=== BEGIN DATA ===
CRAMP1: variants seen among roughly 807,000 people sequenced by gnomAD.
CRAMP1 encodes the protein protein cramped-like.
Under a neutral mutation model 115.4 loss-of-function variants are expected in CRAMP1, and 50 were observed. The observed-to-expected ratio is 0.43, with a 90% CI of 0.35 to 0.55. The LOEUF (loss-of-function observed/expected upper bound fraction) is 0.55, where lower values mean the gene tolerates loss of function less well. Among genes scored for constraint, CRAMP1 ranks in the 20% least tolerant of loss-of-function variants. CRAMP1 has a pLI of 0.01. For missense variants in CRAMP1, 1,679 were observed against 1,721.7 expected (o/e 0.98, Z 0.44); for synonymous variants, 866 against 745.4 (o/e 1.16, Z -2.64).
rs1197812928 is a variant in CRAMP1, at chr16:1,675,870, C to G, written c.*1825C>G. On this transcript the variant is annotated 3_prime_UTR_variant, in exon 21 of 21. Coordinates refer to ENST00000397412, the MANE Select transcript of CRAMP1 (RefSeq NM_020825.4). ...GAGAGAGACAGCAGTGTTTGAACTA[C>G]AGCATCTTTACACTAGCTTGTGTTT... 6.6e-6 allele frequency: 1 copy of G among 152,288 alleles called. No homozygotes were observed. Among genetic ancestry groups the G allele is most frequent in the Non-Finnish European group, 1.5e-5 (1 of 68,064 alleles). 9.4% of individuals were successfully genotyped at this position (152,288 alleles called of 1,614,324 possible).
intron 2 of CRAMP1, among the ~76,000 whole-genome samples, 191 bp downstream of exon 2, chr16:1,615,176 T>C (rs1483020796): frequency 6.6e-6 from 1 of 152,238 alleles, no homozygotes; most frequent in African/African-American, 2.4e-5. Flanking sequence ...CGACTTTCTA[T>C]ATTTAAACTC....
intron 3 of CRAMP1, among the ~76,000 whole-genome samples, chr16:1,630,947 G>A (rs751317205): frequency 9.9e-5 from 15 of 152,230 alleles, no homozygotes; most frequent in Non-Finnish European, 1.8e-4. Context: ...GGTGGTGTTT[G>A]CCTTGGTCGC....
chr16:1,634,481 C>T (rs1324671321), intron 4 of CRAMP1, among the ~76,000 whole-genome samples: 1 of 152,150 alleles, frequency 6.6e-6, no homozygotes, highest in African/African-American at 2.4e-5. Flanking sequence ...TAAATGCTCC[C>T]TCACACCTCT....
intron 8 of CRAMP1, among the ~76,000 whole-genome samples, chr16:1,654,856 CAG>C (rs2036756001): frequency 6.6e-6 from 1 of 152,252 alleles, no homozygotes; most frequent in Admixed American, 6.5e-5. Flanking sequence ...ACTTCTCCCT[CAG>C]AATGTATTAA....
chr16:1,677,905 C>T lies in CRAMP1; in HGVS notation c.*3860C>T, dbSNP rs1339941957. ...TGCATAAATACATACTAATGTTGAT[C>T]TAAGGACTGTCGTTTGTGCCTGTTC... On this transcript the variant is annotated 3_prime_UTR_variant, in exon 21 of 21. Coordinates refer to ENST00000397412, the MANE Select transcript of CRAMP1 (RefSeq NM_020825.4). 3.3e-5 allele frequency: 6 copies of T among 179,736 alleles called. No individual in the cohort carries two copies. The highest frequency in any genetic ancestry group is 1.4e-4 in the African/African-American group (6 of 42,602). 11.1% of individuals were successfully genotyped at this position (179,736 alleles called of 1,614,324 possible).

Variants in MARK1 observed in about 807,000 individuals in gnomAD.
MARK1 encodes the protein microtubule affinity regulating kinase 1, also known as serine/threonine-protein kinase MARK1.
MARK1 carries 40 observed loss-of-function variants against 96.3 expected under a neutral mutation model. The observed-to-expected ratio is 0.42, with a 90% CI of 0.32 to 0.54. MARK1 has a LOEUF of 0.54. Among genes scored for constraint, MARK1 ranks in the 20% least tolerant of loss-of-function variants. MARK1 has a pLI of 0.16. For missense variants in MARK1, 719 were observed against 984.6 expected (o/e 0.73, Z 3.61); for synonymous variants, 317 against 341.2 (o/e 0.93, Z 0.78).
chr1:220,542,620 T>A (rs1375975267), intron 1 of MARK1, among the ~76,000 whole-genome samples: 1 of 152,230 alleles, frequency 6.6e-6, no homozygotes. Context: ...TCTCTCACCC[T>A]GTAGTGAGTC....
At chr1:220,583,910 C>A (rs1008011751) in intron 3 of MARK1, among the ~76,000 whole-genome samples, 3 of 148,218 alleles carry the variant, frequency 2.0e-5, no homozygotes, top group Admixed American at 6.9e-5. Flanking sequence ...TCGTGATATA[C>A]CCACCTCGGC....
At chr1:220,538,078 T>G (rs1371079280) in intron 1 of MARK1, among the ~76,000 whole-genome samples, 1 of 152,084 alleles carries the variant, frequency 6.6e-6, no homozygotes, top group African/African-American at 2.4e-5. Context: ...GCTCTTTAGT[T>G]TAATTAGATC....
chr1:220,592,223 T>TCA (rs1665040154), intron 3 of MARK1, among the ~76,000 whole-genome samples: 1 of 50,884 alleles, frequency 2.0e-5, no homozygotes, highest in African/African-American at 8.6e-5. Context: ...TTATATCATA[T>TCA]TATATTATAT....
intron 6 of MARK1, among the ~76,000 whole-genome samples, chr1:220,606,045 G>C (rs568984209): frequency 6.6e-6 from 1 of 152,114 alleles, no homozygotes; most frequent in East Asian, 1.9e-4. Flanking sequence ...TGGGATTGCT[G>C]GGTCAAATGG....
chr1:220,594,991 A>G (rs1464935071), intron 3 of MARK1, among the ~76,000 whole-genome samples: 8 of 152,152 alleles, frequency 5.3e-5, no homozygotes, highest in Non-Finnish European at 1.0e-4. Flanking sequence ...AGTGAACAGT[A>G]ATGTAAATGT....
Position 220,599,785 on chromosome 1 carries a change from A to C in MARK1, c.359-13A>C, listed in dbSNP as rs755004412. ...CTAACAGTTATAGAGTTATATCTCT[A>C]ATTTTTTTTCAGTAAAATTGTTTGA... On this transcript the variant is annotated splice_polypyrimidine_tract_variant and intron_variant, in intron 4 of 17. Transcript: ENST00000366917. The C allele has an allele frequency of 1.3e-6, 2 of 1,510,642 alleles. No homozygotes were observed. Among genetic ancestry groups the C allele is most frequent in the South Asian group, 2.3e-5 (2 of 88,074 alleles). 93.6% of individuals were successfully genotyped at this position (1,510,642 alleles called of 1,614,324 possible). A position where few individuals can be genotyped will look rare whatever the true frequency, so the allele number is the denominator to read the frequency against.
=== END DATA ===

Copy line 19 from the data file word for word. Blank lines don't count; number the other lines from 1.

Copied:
Position 220,599,785 on chromosome 1 carries a change from A to C in MARK1, c.359-13A>C, listed in dbSNP as rs755004412. ...CTAACAGTTATAGAGTTATATCTCT[A>C]ATTTTTTTTCAGTAAAATTGTTTGA... On this transcript the variant is annotated splice_polypyrimidine_tract_variant and intron_variant, in intron 4 of 17. Transcript: ENST00000366917. The C allele has an allele frequency of 1.3e-6, 2 of 1,510,642 alleles. No homozygotes were observed. Among genetic ancestry groups the C allele is most frequent in the South Asian group, 2.3e-5 (2 of 88,074 alleles). 93.6% of individuals were successfully genotyped at this position (1,510,642 alleles called of 1,614,324 possible). A position where few individuals can be genotyped will look rare whatever the true frequency, so the allele number is the denominator to read the frequency against.